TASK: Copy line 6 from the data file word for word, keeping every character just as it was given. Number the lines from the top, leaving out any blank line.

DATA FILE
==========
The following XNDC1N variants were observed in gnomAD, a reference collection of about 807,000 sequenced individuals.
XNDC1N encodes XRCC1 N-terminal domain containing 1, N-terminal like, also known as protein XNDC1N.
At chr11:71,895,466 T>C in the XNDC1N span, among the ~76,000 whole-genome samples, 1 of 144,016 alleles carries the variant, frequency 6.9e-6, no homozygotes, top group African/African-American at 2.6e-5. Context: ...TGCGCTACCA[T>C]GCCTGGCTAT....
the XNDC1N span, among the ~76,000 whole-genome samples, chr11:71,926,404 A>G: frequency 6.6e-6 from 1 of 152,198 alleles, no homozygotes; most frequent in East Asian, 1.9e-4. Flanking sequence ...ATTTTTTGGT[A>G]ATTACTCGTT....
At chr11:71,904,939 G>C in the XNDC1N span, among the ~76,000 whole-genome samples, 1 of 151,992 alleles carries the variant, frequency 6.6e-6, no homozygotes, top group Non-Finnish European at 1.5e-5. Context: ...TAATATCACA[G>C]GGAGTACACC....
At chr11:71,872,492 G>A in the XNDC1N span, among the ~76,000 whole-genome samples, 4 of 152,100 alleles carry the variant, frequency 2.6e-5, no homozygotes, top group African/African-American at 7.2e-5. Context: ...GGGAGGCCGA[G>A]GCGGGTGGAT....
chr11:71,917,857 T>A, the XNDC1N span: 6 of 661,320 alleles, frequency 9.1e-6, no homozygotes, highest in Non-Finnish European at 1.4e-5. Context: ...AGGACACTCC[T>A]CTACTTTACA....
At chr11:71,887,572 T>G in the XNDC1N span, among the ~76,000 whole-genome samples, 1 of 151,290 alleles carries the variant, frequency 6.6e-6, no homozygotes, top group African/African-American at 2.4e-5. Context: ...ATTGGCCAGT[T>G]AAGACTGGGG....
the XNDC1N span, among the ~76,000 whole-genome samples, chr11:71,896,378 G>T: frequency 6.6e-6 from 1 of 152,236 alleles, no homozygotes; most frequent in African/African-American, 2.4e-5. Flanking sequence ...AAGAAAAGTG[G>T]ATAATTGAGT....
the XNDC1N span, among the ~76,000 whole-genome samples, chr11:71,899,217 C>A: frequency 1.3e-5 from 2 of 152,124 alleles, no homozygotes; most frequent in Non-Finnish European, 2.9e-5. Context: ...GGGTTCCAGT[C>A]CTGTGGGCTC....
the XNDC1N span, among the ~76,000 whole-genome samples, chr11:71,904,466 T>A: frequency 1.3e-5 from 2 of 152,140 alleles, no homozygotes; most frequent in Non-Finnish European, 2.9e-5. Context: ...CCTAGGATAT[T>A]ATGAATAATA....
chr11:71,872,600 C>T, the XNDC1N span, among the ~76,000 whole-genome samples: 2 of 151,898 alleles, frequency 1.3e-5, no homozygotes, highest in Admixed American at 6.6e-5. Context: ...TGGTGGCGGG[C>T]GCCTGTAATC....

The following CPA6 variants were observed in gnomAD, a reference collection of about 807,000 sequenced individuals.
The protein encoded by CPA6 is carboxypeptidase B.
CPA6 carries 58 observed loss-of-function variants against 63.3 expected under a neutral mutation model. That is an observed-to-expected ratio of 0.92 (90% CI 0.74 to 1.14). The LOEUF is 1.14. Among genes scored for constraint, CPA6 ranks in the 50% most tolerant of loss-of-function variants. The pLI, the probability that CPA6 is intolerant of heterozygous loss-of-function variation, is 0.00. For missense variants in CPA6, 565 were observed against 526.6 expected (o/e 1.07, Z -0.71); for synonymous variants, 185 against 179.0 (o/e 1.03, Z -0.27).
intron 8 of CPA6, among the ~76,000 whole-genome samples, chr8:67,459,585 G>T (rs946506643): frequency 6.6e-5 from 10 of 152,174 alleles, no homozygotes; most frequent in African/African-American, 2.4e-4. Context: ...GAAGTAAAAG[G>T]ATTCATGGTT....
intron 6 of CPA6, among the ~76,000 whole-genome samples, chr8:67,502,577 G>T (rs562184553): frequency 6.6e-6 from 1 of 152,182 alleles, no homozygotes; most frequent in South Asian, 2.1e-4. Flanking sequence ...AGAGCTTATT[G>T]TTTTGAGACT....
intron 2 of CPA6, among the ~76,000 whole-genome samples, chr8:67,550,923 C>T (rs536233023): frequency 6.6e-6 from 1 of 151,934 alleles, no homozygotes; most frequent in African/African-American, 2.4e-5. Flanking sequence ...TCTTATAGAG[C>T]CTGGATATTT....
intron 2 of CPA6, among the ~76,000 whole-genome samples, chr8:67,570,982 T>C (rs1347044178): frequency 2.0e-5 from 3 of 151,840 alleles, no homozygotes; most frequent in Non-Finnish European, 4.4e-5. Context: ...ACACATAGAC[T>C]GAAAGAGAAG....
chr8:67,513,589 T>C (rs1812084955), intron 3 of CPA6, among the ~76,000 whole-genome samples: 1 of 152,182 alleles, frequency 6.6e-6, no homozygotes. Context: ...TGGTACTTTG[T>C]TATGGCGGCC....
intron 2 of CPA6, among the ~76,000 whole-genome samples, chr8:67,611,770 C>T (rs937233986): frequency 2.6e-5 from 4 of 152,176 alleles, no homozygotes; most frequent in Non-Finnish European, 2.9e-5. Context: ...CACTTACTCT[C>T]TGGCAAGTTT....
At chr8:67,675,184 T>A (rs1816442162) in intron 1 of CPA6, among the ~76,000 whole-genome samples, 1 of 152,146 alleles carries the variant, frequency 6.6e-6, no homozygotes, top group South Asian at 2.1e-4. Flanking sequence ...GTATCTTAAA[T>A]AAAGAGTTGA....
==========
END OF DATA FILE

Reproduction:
At chr11:71,872,492 G>A in the XNDC1N span, among the ~76,000 whole-genome samples, 4 of 152,100 alleles carry the variant, frequency 2.6e-5, no homozygotes, top group African/African-American at 7.2e-5. Context: ...GGGAGGCCGA[G>A]GCGGGTGGAT....